Wrentit

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Common Name: Wrentit
Scientific Name: Chamaea fasciata

Size: 5.9 inches (15 cm)

Habitat: North America; resident of a narrow strip of coastal habitat in the western coast of North America, being found from Oregon south to Baja California, the north state of the Baja California peninsula.

Found in coastal scrub and montane chaparral, forests with dense shrub understory.

Status: Least Concern. Global Population: Unknown amount of mature individuals. This species has had stable population trends however the continued urban development of coastal sage shrub habitats may cause drops in local populations.

Diet: Beetles, caterpillars, bugs, and ants, but also takes small berries and seeds. Gleans insects from twigs and bark.

Breeding: Sexes are alike. The Wrentit has a uniform dull olive, brown, or grayish plumage. It has short wings and a long tail often held high (hence the comparison to wrens). It has a short bill and a pale iris.

Wrentit pairs mate for life, and may be together for more than 12 years. Both sexes incubate and sing to defend the territory. The nest is a tidy open cup made of bark strips held together with insect silk, lined with soap plant or grass, placed in crotch of shrub branches. One to five Greenish blue eggs are laid.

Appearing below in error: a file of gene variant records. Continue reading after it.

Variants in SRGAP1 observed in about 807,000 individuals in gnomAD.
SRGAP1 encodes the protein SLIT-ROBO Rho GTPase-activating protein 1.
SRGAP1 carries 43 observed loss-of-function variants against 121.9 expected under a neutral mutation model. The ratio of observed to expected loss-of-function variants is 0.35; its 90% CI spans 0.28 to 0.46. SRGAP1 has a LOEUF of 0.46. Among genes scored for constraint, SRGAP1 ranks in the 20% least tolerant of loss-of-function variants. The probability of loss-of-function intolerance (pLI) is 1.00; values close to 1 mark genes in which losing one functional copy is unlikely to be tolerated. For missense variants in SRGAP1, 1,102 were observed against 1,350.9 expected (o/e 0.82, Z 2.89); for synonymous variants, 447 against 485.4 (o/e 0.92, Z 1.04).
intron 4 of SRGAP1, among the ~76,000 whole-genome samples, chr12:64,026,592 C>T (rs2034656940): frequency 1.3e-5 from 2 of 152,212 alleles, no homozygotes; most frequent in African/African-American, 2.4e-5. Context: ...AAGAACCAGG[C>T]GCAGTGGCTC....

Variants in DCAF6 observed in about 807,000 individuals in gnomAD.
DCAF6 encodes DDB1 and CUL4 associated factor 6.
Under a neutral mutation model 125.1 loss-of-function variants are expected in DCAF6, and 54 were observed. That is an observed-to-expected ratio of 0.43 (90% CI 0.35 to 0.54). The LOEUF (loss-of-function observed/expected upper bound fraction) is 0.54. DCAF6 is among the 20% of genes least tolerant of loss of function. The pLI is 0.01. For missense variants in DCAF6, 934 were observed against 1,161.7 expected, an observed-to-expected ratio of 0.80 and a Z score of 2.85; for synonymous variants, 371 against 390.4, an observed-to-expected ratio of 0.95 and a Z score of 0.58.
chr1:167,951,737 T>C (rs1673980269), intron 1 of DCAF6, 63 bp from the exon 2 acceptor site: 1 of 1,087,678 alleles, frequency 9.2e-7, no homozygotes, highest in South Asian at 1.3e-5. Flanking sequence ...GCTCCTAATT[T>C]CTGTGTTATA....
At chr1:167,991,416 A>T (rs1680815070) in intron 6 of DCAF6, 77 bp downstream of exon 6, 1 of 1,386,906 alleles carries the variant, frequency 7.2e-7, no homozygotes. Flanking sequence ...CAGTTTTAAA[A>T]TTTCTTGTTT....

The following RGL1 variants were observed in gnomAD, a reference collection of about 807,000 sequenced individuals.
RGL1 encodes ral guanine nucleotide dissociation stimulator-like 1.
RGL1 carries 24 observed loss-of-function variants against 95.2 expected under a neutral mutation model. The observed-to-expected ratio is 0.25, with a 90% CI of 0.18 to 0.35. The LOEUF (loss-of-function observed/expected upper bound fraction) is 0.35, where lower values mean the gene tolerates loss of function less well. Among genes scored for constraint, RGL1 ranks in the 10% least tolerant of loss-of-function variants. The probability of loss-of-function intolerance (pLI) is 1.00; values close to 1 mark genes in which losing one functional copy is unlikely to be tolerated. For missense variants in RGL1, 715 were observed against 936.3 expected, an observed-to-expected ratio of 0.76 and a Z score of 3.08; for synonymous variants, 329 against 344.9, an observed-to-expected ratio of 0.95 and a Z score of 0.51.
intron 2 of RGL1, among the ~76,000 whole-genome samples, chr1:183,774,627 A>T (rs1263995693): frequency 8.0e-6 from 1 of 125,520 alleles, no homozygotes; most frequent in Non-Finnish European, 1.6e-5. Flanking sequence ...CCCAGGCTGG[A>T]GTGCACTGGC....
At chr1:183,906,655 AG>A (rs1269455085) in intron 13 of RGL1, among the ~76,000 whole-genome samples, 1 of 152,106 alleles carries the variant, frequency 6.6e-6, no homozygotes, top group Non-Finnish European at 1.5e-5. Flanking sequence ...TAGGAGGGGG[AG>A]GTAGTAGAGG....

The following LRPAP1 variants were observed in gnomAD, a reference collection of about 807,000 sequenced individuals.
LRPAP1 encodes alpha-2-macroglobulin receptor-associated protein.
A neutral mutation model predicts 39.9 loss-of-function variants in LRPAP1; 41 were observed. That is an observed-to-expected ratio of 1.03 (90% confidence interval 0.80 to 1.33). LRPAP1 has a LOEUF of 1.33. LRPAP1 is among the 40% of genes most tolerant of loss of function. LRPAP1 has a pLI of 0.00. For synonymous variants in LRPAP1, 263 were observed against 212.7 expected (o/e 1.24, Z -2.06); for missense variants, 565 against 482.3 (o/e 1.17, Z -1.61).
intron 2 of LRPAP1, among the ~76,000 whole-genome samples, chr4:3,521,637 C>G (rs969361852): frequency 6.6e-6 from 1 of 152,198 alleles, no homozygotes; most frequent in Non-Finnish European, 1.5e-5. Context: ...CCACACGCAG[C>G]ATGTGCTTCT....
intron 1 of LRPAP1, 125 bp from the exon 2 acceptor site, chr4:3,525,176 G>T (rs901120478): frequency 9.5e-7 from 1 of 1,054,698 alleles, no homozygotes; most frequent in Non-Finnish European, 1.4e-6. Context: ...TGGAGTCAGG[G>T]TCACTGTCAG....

Cool Facts: Wrentits along the coast and in the more humid areas of the north tend to be darker than individuals living in drier and more interior parts of the range.

The Wrentit has been variously placed in its own family, the Chamaeidae, or with the long-tailed tits (Aegithalidae), the true tits and chickadees (Paridae), the "Old World warblers" (Sylviidae), and with the "Old World babblers" (Timaliidae). The American Ornithologists' Union placed the Wrentit in the latter family, giving it the distinction of being the only babbler known from the New World. This was based on DNA-DNA hybridization studies, which are phenetic (grouped by all overall similarities).

Through DNA sequence analysis, it was subsequently discovered that the Wrentit was more closely allied to Sylvia warblers and some aberrant "babblers". They consequently must be placed in the Sylviidae family, together with the Wrentit and the parrotbills, which also turned out to be close relatives. Thus, the Wrentit is the only American species of the "true" or sylviid warblers. Peculiarly, the Dartford Warbler and close relatives like Marmora's Warbler bear an uncanny resemblance to the Wrentit; their ecology is quite similar indeed as all are birds of Mediterranean scrub. However, biogeography and the molecular data build a strong case for this similarity being a case of convergent evolution between birds that are close relatives but by far not as close as their appearance would suggest.


Found in Songbird ReMix Cool 'n' Unusual Birds 3

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